Glycogen is a polysaccharide (complex carbohydrate) of glucose (Glc) which functions as the primary short term energy storage in animal cells.

It is made primarily by the liver and the muscles, but can also be made by the brain, uterus, and the vagina.

Glycogen forms an energy reserve that can be quickly mobilized to meet a sudden need for glucose, but one that is less compact than the energy reserves of triglycerides (fat).

Only the glycogen stored in the liver can be made accessible to other organs. In the muscles, glycogen is found in a much lower concentration (1% of the muscle mass), but the total amount exceeds that in the liver.

Small amounts of glycogen are found in the kidneys, and even smaller amounts in certain glial cells in the brain and white blood cells. The uterus also stores glycogen during pregnancy to nourish the embryo.


Function and regulation of liver glycogen

As a meal containing carbohydrates is eaten and digested, blood glucose levels rise, and the pancreas secretes insulin. Glucose from the portal vein enters the liver cells (hepatocytes). Insulin acts on the hepatocytes to stimulate the action of several enzymes, including glycogen synthase. Glucose molecules are added to the chains of glycogen as long as both insulin and glucose remain plentiful. In this postprandial or “fed” state, the liver takes in more glucose from the blood than it releases.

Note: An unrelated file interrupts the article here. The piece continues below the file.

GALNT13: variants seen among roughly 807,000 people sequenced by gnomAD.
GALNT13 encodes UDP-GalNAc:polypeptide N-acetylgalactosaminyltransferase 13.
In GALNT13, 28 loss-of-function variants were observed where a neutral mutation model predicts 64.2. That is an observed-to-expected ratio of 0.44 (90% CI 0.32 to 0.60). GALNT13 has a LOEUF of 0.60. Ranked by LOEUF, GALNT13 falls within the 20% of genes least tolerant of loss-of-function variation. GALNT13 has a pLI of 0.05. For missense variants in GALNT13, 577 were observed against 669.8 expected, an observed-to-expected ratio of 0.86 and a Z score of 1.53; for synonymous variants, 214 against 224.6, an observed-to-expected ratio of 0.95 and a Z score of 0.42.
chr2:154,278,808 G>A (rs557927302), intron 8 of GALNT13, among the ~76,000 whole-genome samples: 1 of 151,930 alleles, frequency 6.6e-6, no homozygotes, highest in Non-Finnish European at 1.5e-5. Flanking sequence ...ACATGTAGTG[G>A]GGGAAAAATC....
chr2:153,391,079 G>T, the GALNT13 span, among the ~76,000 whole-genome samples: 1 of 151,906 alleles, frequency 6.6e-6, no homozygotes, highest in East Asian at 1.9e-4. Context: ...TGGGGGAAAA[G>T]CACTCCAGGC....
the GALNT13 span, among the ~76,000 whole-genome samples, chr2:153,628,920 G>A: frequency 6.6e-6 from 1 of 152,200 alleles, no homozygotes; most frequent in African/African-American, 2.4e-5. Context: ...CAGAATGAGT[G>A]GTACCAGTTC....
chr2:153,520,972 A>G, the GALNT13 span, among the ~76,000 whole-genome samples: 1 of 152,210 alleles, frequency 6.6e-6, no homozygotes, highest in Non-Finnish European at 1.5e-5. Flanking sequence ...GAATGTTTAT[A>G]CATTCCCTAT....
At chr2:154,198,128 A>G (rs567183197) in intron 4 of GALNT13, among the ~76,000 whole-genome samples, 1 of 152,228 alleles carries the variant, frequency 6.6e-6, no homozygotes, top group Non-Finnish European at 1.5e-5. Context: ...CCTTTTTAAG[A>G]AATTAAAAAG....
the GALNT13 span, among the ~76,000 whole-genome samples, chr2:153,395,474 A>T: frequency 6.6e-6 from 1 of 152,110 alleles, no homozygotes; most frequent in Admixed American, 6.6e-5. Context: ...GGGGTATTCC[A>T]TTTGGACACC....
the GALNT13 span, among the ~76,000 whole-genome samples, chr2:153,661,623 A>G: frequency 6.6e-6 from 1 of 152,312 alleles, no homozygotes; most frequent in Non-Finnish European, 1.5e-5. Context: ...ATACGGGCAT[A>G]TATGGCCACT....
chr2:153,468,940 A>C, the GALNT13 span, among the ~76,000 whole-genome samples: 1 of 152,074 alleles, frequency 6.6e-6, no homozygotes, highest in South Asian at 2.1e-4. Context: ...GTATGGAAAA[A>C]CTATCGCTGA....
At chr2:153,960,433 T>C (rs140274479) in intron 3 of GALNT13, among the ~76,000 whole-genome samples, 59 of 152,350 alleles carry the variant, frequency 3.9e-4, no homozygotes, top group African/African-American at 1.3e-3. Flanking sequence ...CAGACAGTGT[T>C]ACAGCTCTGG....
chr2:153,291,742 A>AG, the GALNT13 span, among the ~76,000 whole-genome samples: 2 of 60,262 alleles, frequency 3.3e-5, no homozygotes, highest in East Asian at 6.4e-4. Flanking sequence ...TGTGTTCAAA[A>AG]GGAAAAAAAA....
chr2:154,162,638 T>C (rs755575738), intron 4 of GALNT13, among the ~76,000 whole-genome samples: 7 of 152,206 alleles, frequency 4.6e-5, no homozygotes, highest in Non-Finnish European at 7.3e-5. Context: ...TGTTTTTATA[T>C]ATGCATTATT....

After a meal has been digested and glucose levels begin to fall, insulin secretion is reduced, and glycogen synthesis stops. About four hours after a meal, glycogen begins to be broken down and converted again to glucose. Glycogen phosphorylase is the primary enzyme of glycogen breakdown. For the next 8–12 hours, glucose derived from liver glycogen will be the primary source of blood glucose to be used by the rest of the body for fuel.

Glucagon is another hormone produced by the pancreas, which in many respects serves as a counter-signal to insulin. When the blood sugar begins to fall below normal, glucagon is secreted in increasing amounts. It stimulates glycogen breakdown into glucose even when insulin levels are abnormally high.


Glycogen in muscle and other cells

Muscle cell glycogen appears to function as an immediate reserve source of available glucose for muscle cells. Other cells that contain small amounts use it locally as well. Muscle cells lack glucose-6-phosphatase enzyme, so they lack the ability to pass glucose into the blood, so the glycogen they store internally is destined for internal use and is not shared with other cells, unlike liver cells.


Glycogen debt and endurance exercise

Due to the body’s inability to hold more than around 2,000 kcal of glycogen, long-distance athletes such as marathon runners, cross-country skiers, and cyclists go into glycogen debt, where almost all of the athlete’s glycogen stores are depleted after long periods of exertion without enough energy consumption. This phenomenon is referred to as“hitting the wall” or “bonking”. In marathon runners it normally happens around the 20 mile (32 km) point of a marathon, where around 100 kcal are spent per mile, depending on the size of the runner and the race course. However, it can be delayed by carbohydrate loading before the race. When experiencing glycogen debt, athletes often experience extreme fatigue to the point that it is difficult to move.